From the beginning to the end of HIV: the great successes and remaining challenges
Free Public Lecture
Auditorium, Ground Floor
Peter Doherty Institute
T: (03) 8344 9800
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The advances in the treatment and prevention of HIV infection have been spectacular. Antiretroviral therapy (ART) has led to a major reduction in HIV-related mortality and morbidity. Life expectancy is now often normal for people living with HIV. Treatment is relatively simple, has few adverse effects and is currently available to 15 million people in low and middle income countries. In addition, treatment of HIV leads to a marked reduction in HIV transmission. New prevention strategies have also been developed and are highly effective, including pre exposure prophylaxis and circumcision. Many believe that we now have the tools to see the end of AIDS as well as a major decline in new infections - but the challenge is in implementing and funding what we know works.
Despite these great advances, globally only 30% of people living with HIV are on effective treatment and in 2014 there were 37 million people living with HIV, 2 million new HIV infections and 1 million AIDS related deaths. Stigma and discrimination also continue in many parts of the world with ongoing marginalisation of affected communities. In addition, treatment is lifelong and there is no cure. Most countries are still struggling to fund pre-exposure prophylaxis. Therefore, the search for an effective vaccine and a cure and ongoing investment in science and innovation remain a top priority to ultimately see the end of HIV.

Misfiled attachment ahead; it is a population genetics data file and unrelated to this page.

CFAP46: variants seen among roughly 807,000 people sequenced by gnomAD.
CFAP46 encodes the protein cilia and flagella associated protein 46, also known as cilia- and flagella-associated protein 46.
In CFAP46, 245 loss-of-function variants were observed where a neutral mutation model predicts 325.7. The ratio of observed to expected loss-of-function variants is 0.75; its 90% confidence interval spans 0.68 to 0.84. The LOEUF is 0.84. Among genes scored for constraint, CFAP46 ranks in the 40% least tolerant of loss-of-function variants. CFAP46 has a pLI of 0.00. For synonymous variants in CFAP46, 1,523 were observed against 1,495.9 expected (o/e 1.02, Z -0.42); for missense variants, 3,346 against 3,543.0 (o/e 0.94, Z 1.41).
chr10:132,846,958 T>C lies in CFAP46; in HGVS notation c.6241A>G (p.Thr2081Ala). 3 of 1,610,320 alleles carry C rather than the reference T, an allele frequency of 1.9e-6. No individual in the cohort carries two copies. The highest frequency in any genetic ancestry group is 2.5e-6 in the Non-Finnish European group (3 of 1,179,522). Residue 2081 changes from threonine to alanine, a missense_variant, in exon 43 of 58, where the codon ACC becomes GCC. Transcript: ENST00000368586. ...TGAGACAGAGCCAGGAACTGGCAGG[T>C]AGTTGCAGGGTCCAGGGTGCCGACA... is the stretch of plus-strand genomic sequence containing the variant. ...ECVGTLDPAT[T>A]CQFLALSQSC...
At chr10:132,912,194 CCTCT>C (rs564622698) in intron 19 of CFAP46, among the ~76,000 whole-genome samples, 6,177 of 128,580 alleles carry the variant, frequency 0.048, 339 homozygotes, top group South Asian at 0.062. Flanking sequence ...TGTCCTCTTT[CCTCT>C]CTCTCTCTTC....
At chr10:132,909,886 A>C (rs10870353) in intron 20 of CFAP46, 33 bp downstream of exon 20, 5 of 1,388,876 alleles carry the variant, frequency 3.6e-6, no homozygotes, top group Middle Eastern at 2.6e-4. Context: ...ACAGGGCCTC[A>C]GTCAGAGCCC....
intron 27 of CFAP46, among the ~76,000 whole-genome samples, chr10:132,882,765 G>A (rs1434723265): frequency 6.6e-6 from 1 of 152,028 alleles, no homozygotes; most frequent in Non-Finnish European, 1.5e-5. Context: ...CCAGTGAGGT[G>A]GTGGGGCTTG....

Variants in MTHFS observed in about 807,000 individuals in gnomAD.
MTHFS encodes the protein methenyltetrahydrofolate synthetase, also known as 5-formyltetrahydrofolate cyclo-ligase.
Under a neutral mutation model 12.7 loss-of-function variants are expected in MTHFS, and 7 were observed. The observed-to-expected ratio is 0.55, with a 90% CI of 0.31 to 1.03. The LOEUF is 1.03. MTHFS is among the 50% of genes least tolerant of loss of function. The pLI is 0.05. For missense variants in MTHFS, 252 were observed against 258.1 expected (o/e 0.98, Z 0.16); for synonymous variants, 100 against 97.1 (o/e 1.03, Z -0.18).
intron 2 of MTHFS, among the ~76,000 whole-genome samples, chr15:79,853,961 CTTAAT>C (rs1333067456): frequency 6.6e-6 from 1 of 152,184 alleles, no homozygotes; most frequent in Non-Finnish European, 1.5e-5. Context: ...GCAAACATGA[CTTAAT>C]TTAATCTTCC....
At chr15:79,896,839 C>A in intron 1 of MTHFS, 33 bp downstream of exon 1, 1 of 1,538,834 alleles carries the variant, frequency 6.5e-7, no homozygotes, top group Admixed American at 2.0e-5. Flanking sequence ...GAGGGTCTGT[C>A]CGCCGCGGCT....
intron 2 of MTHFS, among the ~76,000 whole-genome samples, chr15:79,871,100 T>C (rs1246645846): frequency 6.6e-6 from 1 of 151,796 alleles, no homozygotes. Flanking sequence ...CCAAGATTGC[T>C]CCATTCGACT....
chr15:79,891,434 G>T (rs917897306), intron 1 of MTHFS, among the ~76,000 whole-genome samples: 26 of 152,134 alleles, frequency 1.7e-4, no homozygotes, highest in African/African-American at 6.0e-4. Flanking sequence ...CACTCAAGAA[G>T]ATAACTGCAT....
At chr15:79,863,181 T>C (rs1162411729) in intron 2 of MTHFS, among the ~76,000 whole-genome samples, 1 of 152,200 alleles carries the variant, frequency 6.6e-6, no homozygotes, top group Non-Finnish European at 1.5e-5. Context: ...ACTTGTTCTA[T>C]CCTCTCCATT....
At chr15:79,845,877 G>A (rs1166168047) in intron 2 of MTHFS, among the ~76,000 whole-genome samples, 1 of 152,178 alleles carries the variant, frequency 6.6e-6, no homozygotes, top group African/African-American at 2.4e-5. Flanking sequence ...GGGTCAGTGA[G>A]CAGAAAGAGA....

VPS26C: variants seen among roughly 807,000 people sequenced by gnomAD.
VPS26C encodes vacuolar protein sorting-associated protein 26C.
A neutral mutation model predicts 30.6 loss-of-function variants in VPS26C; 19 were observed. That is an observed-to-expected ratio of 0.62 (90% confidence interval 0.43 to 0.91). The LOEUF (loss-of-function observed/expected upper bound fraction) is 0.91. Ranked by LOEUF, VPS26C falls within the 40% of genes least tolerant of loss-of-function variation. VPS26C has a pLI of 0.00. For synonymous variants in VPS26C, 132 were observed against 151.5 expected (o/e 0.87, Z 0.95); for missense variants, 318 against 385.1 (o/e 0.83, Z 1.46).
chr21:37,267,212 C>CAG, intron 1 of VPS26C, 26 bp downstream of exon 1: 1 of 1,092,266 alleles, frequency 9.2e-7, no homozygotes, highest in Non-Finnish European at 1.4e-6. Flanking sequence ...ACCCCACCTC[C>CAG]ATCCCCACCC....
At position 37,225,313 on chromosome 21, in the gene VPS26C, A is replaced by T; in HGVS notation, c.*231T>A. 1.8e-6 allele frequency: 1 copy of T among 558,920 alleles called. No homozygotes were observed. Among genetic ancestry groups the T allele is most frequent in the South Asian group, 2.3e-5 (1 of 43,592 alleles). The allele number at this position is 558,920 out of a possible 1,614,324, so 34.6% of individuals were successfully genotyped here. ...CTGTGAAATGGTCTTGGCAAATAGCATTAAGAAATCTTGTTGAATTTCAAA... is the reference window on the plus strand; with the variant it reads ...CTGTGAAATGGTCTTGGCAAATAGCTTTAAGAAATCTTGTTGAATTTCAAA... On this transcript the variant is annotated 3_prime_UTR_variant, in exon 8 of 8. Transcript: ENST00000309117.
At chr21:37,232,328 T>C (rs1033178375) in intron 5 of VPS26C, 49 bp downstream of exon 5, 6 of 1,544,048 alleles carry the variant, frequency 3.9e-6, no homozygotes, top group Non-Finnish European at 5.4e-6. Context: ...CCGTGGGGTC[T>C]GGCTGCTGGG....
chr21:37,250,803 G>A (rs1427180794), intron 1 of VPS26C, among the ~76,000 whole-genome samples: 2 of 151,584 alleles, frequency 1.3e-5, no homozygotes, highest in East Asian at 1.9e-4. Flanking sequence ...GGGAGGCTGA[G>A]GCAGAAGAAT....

Professor Sharon Lewin will present the R Douglas Wright Lecture 2015.
Sharon Lewin is the inaugural director of the Peter Doherty Institute for Infection and Immunity, a joint venture between the University of Melbourne and Royal Melbourne Hospital; Professor of Medicine, The University of Melbourne; consultant infectious diseases physician, Alfred Hospital, Melbourne, Australia; and an Australian National Health and Medical Research Council (NHMRC) Practitioner Fellow. She is an infectious diseases physician and basic scientist.
Sharon has spent her career in infectious diseases devoted to HIV medicine and research. She did her postdoctoral fellowship at Rockefeller University, New York with Time Man of the Year, Professor David Ho in 1997-1999. This was the very beginning of highly effective antiviral therapy for HIV which could effectively control but not cure HIV. Her main passion since then has been working towards a cure for HIV and ensuring that advances in Science are rapidly translated to practical outcomes for people living with HIV. She was the local co-chair for the 20th International AIDS Conference held in Melbourne in July 2014, the largest health conference ever held in Australia. She was named Melburnian of the Year in 2014 for her inspirational contribution to the City of Melbourne. This was the first time this award was made to a clinician or scientist.